Thousands help research endangered sea lion

Scientific research can be tedious and time-consuming. If you have the numbers, however, it can be easy.

As of the end of August, over 6,500 people have participated in the National Oceanic and Atmospheric Association’s Stellar Watch program, helping researchers classify over 130,000 digital images from remote cameras in the Aleutian Islands. Citizen scientists are asked to identify stellar sea lions in the photographs, which are sent to their smartphones and computers.

“The work of citizen scientists has been invaluable,” project leader Katie Sweeney said in a prepared statement. “They help us classify images and regularly participate in our talk forums on the project site. Members of the public can even nominate a sea lion of the month, which is then featured in a story on our project blog.”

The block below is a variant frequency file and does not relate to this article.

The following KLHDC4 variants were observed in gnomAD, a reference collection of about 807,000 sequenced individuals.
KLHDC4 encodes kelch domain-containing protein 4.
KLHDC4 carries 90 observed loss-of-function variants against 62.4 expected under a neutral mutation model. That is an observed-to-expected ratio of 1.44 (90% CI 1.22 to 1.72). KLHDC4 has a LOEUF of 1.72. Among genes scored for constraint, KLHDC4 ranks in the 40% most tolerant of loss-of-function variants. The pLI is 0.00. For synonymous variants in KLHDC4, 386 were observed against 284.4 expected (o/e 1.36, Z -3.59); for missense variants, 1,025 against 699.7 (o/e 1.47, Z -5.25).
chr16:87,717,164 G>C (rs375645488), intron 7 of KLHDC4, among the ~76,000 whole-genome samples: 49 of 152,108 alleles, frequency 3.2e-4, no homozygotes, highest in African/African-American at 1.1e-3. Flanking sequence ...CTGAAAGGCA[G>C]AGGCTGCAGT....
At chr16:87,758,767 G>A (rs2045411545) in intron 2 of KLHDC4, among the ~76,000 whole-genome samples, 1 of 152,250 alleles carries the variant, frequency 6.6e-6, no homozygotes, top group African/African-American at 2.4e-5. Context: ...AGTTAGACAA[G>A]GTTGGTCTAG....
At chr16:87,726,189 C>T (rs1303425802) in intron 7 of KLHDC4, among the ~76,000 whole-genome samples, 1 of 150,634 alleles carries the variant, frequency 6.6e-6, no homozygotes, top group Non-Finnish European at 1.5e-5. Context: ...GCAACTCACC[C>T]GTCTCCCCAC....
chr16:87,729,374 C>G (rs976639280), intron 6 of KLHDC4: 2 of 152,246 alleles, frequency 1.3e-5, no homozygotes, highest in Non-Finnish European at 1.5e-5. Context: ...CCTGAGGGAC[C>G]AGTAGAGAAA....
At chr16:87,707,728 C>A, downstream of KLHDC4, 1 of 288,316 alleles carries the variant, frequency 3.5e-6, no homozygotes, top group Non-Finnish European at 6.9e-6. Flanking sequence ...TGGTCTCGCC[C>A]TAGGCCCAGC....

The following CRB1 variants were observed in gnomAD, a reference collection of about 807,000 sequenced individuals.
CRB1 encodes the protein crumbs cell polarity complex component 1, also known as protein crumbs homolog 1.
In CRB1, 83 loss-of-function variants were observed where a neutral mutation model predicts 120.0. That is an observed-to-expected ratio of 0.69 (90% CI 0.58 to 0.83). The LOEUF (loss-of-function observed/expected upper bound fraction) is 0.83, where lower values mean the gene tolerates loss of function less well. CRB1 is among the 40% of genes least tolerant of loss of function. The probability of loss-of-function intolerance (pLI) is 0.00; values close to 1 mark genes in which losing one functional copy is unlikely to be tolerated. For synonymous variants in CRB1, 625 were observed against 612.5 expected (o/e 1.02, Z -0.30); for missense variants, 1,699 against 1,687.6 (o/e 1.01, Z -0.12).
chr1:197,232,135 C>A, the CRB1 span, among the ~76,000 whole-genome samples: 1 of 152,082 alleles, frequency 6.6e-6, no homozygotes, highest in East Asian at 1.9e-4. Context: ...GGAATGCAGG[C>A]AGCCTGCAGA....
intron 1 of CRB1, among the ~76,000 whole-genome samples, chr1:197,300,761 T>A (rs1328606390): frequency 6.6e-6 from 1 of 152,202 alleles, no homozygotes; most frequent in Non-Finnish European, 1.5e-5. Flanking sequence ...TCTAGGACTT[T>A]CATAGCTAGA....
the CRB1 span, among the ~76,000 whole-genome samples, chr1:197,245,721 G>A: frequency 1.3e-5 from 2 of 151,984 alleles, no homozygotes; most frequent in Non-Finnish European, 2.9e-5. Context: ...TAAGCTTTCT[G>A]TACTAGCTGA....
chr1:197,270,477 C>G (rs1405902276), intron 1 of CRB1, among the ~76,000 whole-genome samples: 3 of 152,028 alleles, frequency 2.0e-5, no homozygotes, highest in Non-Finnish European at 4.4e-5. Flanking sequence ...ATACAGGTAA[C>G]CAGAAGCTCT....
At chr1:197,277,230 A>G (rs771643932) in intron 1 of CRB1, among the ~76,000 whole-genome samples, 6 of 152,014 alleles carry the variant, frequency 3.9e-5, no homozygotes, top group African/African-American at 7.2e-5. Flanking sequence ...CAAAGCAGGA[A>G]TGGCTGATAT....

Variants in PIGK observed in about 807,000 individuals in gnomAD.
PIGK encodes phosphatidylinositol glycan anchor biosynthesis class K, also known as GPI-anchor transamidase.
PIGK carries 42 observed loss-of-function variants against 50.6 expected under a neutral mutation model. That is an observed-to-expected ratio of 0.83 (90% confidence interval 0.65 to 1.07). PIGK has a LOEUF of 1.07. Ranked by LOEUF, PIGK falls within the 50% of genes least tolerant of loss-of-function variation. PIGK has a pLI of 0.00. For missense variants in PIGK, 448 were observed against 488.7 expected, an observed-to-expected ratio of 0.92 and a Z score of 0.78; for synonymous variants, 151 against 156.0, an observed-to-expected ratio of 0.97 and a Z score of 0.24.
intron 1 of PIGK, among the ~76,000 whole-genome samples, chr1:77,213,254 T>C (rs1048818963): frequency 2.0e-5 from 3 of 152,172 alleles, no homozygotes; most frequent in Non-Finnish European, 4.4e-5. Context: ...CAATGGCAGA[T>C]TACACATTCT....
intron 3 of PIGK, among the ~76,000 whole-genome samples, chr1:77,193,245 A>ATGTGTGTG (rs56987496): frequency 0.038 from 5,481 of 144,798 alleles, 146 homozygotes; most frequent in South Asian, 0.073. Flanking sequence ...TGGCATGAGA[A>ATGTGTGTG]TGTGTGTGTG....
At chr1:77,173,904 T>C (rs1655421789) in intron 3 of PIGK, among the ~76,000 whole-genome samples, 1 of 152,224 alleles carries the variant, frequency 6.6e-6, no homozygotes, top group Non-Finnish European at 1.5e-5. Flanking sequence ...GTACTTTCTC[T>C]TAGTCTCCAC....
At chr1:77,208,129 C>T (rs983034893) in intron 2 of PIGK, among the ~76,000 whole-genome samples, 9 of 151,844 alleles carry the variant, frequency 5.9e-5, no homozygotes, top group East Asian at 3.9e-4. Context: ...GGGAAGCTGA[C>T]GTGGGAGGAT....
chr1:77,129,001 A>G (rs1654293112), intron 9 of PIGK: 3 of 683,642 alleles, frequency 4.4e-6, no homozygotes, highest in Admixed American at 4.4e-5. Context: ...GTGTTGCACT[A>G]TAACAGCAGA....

Launched four months ago, NOAA hopes the Stellar Watch program can help figure out why the endangered Stellar sea lion continues to decline in the western Aleutian Islands. According to NOAA, sea lion populations have declined 94 percent in the Aleutians in the last 30 years. They hope to classify 500,000 images through Stellar Watch, which will help them make population estimates and determine the health of sea lions in the Aleutians.

It’s scientific work many people can do. Access to the internet and the ability to tell a log from a sea lion are all that’s required. The Stellar Watch page pulls up an image from one of its remote cameras and users click a “yes” button if they see sea lions. The program is live right now and can be reached at


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